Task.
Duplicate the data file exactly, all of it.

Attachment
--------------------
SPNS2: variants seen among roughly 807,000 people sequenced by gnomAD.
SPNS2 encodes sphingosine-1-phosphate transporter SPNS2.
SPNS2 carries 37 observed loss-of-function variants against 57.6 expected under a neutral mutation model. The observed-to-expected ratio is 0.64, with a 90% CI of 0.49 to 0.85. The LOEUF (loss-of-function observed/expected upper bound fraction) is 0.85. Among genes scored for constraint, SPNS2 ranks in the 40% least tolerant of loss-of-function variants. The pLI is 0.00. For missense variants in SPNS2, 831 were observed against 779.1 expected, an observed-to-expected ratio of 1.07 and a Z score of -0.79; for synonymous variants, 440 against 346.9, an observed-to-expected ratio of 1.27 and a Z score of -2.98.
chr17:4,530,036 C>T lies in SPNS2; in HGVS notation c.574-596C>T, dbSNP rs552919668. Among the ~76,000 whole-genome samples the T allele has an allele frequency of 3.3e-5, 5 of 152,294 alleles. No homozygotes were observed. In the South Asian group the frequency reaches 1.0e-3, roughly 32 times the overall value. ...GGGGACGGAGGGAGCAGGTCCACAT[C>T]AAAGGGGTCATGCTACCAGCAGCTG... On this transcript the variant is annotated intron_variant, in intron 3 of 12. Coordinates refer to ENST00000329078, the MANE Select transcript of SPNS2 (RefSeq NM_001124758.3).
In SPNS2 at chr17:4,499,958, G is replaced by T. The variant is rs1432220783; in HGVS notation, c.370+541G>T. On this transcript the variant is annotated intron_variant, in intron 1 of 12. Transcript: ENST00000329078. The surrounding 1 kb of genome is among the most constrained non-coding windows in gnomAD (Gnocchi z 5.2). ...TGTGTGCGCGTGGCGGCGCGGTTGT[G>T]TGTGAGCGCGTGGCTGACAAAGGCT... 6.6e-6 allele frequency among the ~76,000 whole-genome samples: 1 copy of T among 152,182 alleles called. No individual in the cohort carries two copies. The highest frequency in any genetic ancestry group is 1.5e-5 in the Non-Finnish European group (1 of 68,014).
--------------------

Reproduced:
SPNS2: variants seen among roughly 807,000 people sequenced by gnomAD.
SPNS2 encodes sphingosine-1-phosphate transporter SPNS2.
SPNS2 carries 37 observed loss-of-function variants against 57.6 expected under a neutral mutation model. The observed-to-expected ratio is 0.64, with a 90% CI of 0.49 to 0.85. The LOEUF (loss-of-function observed/expected upper bound fraction) is 0.85. Among genes scored for constraint, SPNS2 ranks in the 40% least tolerant of loss-of-function variants. The pLI is 0.00. For missense variants in SPNS2, 831 were observed against 779.1 expected, an observed-to-expected ratio of 1.07 and a Z score of -0.79; for synonymous variants, 440 against 346.9, an observed-to-expected ratio of 1.27 and a Z score of -2.98.
chr17:4,530,036 C>T lies in SPNS2; in HGVS notation c.574-596C>T, dbSNP rs552919668. Among the ~76,000 whole-genome samples the T allele has an allele frequency of 3.3e-5, 5 of 152,294 alleles. No homozygotes were observed. In the South Asian group the frequency reaches 1.0e-3, roughly 32 times the overall value. ...GGGGACGGAGGGAGCAGGTCCACAT[C>T]AAAGGGGTCATGCTACCAGCAGCTG... On this transcript the variant is annotated intron_variant, in intron 3 of 12. Coordinates refer to ENST00000329078, the MANE Select transcript of SPNS2 (RefSeq NM_001124758.3).
In SPNS2 at chr17:4,499,958, G is replaced by T. The variant is rs1432220783; in HGVS notation, c.370+541G>T. On this transcript the variant is annotated intron_variant, in intron 1 of 12. Transcript: ENST00000329078. The surrounding 1 kb of genome is among the most constrained non-coding windows in gnomAD (Gnocchi z 5.2). ...TGTGTGCGCGTGGCGGCGCGGTTGT[G>T]TGTGAGCGCGTGGCTGACAAAGGCT... 6.6e-6 allele frequency among the ~76,000 whole-genome samples: 1 copy of T among 152,182 alleles called. No individual in the cohort carries two copies. The highest frequency in any genetic ancestry group is 1.5e-5 in the Non-Finnish European group (1 of 68,014).